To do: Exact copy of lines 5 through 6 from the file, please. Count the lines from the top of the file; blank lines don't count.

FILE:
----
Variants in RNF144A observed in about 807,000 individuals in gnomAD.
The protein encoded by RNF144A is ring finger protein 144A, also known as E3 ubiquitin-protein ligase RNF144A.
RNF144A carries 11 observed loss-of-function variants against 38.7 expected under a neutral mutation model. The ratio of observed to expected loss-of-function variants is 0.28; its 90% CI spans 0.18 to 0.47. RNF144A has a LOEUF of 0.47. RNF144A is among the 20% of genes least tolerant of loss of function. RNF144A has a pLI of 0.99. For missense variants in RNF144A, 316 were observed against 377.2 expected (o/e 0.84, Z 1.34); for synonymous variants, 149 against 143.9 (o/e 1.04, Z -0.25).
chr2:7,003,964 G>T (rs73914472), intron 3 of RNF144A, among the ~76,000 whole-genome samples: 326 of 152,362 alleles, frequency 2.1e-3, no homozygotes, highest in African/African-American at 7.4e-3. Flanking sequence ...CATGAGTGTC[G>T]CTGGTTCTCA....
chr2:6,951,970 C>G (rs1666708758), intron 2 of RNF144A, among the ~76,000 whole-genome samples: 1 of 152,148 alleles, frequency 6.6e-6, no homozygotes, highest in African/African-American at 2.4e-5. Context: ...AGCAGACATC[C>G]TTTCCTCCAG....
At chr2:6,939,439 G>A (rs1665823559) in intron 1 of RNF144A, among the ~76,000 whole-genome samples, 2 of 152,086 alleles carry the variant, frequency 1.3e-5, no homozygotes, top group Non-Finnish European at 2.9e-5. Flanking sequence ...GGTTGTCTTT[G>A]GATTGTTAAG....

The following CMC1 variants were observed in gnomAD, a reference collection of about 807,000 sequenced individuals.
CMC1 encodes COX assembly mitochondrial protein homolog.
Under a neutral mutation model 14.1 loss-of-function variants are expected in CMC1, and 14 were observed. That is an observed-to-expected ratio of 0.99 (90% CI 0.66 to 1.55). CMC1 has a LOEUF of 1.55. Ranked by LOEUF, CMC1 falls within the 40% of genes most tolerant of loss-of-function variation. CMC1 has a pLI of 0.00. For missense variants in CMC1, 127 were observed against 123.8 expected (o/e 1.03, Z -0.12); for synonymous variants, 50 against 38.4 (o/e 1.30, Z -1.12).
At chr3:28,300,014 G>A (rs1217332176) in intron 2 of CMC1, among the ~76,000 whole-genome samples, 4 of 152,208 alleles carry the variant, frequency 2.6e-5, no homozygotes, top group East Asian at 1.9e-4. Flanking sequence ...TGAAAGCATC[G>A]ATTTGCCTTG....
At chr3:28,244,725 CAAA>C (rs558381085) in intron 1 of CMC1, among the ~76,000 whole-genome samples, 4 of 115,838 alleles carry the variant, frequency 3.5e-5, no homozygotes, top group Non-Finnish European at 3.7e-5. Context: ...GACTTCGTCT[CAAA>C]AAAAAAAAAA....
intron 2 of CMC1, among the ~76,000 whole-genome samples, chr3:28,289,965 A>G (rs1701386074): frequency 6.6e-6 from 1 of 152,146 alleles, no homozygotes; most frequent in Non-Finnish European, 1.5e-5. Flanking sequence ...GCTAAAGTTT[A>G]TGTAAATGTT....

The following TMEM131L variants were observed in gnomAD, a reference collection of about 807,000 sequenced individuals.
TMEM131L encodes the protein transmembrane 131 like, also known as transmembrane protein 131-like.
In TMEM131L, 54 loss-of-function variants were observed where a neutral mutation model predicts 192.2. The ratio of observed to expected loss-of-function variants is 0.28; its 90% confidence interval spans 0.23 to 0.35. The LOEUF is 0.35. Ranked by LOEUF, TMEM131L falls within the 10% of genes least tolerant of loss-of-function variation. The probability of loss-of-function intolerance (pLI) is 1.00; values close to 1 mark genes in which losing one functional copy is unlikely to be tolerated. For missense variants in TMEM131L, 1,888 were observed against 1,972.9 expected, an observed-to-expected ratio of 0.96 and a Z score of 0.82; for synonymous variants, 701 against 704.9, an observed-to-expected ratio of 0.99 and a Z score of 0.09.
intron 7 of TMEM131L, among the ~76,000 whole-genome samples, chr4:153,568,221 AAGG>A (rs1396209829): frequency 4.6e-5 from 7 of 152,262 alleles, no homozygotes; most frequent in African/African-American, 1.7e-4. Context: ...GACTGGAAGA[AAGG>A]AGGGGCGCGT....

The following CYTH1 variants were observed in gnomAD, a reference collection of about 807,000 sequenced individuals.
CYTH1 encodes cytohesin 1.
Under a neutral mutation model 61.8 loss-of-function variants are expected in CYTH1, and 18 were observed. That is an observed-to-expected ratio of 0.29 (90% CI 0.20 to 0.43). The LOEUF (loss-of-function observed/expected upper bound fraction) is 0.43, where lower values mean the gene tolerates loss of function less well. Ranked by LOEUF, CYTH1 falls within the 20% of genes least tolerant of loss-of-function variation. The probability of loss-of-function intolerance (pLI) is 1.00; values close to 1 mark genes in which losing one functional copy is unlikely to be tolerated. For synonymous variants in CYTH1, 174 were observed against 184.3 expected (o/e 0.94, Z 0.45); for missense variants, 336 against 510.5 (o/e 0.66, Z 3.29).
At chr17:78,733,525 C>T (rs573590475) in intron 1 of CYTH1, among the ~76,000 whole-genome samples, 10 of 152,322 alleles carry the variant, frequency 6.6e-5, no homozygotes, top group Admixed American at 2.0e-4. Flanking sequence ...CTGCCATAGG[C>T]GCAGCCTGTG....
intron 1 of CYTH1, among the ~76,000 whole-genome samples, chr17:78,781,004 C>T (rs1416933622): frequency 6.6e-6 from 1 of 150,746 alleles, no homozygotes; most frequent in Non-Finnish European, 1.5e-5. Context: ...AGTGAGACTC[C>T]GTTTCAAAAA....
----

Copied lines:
chr2:6,951,970 C>G (rs1666708758), intron 2 of RNF144A, among the ~76,000 whole-genome samples: 1 of 152,148 alleles, frequency 6.6e-6, no homozygotes, highest in African/African-American at 2.4e-5. Context: ...AGCAGACATC[C>G]TTTCCTCCAG....
At chr2:6,939,439 G>A (rs1665823559) in intron 1 of RNF144A, among the ~76,000 whole-genome samples, 2 of 152,086 alleles carry the variant, frequency 1.3e-5, no homozygotes, top group Non-Finnish European at 2.9e-5. Flanking sequence ...GGTTGTCTTT[G>A]GATTGTTAAG....